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Assume that two r.v. $W$ and $Y|W=w$ with

(1) $W \sim \text{N}(\mu_w,\sigma_w^2)$ (iid)

(2) $Y|W=w \sim \text{N}(w,\sigma_y^2)$ (iid)

Further we only observe $Y$ if $Y$ is less then $W$, i.e.,

(3) $Y|Y\le W$

Goal: Find the pdf of the censored observations, i.e., of $Y|Y\le W$ and from that deduce the uncensored pdf and the first two moments (so i.m.h.o. we have to find$f_Y(y)$). The first two moments of this uncensored pdf are supposed to depend upon $E(Y|Y\le W)$ and $Var(Y|Y\le W)$.


By definition of conditional pdf we have that:

(4) $f_{Y|W}(y|W = w)= \frac{f_{Y,W}(y,w)}{f_W(w)}$

Next, the definition of a truncated density gives for a abitrary value of $W$:

(5) $ f_{Y|Y\le W}(y|y\le w) = \frac{f_Y(y)}{P(Y\le W)}$


I would simply rewrite (4) to

$f_{Y|W}(y|W = w)f_W(w) = f_{Y,W}(y,w)$

then integration over $f_{Y,W}(y,w)$ w.r.t $w$ should yield $f_Y(y)$, i.e.,

(a) $\int_{-\infty}^{\infty} f_{Y,W}(y,w) dw = \int_{-\infty}^{\infty} f_Y(y|W = w)f_W(w) dw = f_Y(y)$

Plugin in $f_Y(y)$ into (5), ($P(Y\le W)$ will also be given by $f_Y(y)$) I will se how the moments of $f_{Y|Y\le W}(y|y\le w)$ will look and how the moments of $f_Y(y)$ depend upon them.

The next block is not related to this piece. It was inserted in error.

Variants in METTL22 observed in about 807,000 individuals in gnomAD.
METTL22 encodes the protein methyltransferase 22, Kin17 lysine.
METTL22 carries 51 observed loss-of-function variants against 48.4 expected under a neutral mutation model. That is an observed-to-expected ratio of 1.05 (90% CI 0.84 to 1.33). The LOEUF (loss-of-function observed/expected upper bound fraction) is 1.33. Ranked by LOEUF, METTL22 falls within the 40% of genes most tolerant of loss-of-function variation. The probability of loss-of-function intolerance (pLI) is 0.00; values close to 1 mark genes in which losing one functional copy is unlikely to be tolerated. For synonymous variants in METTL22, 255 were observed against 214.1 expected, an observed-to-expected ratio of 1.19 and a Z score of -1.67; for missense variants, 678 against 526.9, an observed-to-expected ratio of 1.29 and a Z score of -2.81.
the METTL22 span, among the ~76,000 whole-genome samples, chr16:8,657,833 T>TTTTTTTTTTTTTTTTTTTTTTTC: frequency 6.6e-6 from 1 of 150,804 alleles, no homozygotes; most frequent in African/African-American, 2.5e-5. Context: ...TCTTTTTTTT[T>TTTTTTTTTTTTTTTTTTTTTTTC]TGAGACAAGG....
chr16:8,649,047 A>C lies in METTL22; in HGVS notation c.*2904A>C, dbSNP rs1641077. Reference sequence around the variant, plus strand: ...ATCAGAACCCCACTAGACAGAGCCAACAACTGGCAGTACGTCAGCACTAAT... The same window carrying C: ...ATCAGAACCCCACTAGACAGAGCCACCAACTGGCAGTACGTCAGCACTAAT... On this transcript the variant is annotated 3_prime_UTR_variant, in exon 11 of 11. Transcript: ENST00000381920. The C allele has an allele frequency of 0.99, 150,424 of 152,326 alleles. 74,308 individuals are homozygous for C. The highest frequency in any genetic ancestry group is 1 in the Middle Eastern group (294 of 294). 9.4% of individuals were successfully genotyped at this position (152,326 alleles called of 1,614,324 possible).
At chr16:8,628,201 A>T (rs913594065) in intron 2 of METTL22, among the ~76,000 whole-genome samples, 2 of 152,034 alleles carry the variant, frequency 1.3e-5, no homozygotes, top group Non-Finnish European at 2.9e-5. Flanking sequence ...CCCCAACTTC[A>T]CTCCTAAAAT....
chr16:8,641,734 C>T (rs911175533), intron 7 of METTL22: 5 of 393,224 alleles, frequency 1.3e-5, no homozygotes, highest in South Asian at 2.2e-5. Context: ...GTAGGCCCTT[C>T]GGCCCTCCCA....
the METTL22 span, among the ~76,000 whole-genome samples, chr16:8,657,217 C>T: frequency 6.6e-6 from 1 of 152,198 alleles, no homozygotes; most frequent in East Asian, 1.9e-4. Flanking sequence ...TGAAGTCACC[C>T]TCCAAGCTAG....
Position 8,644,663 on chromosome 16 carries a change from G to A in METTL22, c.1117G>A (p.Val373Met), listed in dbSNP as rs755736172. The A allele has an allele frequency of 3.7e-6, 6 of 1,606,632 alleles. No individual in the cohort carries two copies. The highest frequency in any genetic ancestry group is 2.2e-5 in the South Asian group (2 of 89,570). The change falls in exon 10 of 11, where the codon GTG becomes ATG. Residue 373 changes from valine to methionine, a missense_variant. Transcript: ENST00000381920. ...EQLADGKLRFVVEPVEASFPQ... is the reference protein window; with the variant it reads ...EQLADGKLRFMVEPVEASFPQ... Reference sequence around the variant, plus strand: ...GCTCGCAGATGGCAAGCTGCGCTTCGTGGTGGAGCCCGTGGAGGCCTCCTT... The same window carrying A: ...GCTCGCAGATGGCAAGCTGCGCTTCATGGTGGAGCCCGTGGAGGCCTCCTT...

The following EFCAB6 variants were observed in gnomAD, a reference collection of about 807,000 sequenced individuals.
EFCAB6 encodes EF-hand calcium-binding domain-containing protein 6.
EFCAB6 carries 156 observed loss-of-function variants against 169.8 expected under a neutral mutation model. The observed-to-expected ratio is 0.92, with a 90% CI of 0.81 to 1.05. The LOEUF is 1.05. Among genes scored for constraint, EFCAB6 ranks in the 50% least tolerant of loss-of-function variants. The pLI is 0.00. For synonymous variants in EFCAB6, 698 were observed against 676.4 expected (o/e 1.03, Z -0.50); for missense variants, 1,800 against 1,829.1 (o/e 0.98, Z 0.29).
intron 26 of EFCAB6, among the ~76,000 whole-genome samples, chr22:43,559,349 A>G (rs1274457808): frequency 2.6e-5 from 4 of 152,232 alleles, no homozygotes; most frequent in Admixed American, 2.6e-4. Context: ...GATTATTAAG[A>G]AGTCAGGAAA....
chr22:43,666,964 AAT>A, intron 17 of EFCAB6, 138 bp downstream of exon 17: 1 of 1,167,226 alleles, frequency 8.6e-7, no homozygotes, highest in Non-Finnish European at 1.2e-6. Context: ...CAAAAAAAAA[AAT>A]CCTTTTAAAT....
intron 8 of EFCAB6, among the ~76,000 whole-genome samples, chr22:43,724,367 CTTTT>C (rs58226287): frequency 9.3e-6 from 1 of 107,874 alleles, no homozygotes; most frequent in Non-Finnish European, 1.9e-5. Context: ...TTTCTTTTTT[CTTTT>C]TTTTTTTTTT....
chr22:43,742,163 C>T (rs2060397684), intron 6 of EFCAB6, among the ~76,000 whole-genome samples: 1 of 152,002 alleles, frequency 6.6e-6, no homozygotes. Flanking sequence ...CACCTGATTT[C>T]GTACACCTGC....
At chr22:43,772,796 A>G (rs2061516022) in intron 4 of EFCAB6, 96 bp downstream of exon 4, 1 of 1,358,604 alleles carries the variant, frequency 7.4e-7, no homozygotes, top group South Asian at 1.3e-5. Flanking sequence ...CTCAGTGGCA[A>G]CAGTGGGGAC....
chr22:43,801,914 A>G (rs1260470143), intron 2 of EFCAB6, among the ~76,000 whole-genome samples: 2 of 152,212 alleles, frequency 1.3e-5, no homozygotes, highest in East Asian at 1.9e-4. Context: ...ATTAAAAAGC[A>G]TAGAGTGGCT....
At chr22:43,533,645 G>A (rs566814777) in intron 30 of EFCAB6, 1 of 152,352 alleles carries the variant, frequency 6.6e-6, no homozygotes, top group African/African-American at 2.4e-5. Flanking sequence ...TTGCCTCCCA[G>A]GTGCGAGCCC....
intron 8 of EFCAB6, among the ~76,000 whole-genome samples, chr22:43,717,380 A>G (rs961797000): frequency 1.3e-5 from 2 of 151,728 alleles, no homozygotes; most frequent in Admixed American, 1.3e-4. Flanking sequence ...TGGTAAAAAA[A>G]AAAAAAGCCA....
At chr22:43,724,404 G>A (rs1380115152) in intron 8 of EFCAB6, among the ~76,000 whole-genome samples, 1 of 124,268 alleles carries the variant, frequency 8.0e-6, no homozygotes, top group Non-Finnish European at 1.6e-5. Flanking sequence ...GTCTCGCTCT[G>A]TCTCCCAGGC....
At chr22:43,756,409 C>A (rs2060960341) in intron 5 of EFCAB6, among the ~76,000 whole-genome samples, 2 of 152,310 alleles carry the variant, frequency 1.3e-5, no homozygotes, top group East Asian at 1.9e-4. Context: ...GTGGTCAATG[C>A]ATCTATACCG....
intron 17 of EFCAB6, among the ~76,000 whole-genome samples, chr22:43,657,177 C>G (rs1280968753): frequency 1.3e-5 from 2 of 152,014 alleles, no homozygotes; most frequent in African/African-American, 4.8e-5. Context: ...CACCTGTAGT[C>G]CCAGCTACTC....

So (a) will look like

$f_Y(y) = \int_{-\infty}^{\infty}\frac{1}{\sqrt{2\pi\sigma^2_y}}\text{exp}\big(-\frac{(y-w)^2}{2\sigma_y^2}\big)\frac{1}{\sqrt{2\pi\sigma^2_w}}\text{exp}\big(-\frac{(w-\mu_w)^2}{2\sigma_w^2}\big)dw$

Except for the $w$ in the first $\text{exp}$, this looks very easy but since there is a $w$ im a little bit stuck how to solve this...

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    $\begingroup$ Look up the answer to this question : stats.stackexchange.com/questions/72857/… $\endgroup$ Oct 18, 2013 at 21:56
  • $\begingroup$ Thanks. This might be stuipid but would it not help to center $Y$ w.r.t $W$ then $Z:=Y-W$ will have expectation $0$ and variance $\sigma_y^2$ $\endgroup$
    – Druss2k
    Oct 18, 2013 at 22:09